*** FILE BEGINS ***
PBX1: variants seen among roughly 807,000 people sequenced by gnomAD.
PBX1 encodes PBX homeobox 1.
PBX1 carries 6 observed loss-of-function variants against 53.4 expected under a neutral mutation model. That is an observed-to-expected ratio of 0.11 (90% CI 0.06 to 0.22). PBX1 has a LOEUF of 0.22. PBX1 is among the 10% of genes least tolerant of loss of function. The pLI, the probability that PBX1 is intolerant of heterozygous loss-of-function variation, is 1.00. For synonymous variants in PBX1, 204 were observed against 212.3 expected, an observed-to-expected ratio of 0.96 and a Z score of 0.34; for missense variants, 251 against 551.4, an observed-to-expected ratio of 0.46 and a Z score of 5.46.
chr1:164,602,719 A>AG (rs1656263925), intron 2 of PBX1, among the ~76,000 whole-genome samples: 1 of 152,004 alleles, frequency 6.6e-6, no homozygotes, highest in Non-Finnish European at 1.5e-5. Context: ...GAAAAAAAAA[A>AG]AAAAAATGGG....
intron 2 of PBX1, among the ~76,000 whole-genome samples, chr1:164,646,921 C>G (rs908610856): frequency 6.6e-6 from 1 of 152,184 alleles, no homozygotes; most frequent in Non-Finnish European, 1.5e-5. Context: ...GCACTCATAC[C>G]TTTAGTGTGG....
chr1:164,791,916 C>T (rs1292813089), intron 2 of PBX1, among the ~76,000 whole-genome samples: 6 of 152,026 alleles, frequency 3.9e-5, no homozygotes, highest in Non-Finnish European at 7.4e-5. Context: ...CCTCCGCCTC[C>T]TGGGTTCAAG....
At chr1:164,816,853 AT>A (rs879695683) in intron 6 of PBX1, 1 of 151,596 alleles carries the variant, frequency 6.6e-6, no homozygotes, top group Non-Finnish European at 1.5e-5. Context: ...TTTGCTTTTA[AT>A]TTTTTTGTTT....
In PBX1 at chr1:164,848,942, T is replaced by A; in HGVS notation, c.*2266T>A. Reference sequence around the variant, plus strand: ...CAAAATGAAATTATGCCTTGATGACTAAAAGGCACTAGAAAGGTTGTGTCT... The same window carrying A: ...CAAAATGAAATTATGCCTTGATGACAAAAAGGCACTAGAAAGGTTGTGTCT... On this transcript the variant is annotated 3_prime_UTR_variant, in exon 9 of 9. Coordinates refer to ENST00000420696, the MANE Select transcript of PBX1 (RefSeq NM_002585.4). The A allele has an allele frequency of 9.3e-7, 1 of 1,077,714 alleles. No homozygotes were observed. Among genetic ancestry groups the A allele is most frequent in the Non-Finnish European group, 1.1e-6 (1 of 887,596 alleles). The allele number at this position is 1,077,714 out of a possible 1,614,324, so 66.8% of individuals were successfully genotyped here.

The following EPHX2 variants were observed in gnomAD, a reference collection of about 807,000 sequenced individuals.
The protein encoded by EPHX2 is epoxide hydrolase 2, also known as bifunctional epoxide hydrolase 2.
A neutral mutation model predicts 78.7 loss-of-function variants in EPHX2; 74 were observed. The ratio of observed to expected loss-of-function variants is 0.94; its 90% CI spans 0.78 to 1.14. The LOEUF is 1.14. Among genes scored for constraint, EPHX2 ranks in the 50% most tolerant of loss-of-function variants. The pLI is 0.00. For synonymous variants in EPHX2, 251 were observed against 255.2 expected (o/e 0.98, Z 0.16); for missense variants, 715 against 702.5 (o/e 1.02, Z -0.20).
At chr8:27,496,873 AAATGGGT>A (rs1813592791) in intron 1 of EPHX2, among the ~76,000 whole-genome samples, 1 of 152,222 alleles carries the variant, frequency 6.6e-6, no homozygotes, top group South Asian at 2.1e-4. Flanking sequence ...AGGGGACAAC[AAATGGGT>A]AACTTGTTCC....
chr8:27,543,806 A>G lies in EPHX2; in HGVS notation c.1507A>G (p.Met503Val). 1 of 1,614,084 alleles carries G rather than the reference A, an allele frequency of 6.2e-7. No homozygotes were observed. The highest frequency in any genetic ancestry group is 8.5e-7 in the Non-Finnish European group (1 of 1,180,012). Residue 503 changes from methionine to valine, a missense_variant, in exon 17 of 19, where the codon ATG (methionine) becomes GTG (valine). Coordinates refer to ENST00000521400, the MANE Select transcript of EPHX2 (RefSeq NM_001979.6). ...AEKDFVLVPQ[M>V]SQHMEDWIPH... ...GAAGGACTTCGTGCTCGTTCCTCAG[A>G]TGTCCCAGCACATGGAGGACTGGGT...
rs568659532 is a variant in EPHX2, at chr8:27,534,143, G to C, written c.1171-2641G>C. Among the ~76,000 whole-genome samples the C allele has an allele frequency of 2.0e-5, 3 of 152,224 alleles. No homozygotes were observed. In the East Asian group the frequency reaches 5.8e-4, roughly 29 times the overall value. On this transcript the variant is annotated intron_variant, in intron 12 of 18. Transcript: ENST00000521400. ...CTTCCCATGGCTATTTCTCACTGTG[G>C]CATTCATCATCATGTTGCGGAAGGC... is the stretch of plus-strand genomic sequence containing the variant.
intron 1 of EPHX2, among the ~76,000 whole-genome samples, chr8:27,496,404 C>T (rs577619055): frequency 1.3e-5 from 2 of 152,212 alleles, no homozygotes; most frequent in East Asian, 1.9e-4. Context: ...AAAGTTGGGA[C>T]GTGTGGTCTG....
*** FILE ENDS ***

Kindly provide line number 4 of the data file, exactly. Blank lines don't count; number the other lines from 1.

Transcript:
chr1:164,602,719 A>AG (rs1656263925), intron 2 of PBX1, among the ~76,000 whole-genome samples: 1 of 152,004 alleles, frequency 6.6e-6, no homozygotes, highest in Non-Finnish European at 1.5e-5. Context: ...GAAAAAAAAA[A>AG]AAAAAATGGG....